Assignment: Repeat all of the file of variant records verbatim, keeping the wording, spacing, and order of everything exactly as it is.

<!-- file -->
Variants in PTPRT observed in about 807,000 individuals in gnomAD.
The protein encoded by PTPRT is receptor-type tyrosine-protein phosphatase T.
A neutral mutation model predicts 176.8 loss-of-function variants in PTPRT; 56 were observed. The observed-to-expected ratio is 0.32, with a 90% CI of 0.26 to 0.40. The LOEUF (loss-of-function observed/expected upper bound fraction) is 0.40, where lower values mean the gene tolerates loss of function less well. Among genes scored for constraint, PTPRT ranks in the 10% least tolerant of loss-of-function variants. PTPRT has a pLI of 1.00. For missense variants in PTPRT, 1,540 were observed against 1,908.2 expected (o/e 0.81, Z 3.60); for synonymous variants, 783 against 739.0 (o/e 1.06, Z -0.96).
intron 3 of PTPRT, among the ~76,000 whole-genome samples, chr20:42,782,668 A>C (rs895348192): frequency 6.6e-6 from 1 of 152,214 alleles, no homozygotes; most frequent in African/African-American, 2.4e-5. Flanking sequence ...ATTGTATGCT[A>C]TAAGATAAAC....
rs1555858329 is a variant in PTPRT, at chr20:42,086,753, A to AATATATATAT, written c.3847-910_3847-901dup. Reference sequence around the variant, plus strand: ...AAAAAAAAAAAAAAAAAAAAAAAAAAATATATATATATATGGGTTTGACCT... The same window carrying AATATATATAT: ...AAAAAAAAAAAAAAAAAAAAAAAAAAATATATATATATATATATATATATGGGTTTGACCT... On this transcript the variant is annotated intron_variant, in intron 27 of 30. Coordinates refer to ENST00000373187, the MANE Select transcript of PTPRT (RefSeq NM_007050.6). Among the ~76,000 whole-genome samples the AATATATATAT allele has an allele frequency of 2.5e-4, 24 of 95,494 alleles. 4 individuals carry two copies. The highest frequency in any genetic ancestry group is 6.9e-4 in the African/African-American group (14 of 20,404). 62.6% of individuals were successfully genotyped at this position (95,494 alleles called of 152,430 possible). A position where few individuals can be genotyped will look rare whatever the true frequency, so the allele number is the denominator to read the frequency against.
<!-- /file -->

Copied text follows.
Variants in PTPRT observed in about 807,000 individuals in gnomAD.
The protein encoded by PTPRT is receptor-type tyrosine-protein phosphatase T.
A neutral mutation model predicts 176.8 loss-of-function variants in PTPRT; 56 were observed. The observed-to-expected ratio is 0.32, with a 90% CI of 0.26 to 0.40. The LOEUF (loss-of-function observed/expected upper bound fraction) is 0.40, where lower values mean the gene tolerates loss of function less well. Among genes scored for constraint, PTPRT ranks in the 10% least tolerant of loss-of-function variants. PTPRT has a pLI of 1.00. For missense variants in PTPRT, 1,540 were observed against 1,908.2 expected (o/e 0.81, Z 3.60); for synonymous variants, 783 against 739.0 (o/e 1.06, Z -0.96).
intron 3 of PTPRT, among the ~76,000 whole-genome samples, chr20:42,782,668 A>C (rs895348192): frequency 6.6e-6 from 1 of 152,214 alleles, no homozygotes; most frequent in African/African-American, 2.4e-5. Flanking sequence ...ATTGTATGCT[A>C]TAAGATAAAC....
rs1555858329 is a variant in PTPRT, at chr20:42,086,753, A to AATATATATAT, written c.3847-910_3847-901dup. Reference sequence around the variant, plus strand: ...AAAAAAAAAAAAAAAAAAAAAAAAAAATATATATATATATGGGTTTGACCT... The same window carrying AATATATATAT: ...AAAAAAAAAAAAAAAAAAAAAAAAAAATATATATATATATATATATATATGGGTTTGACCT... On this transcript the variant is annotated intron_variant, in intron 27 of 30. Coordinates refer to ENST00000373187, the MANE Select transcript of PTPRT (RefSeq NM_007050.6). Among the ~76,000 whole-genome samples the AATATATATAT allele has an allele frequency of 2.5e-4, 24 of 95,494 alleles. 4 individuals carry two copies. The highest frequency in any genetic ancestry group is 6.9e-4 in the African/African-American group (14 of 20,404). 62.6% of individuals were successfully genotyped at this position (95,494 alleles called of 152,430 possible). A position where few individuals can be genotyped will look rare whatever the true frequency, so the allele number is the denominator to read the frequency against.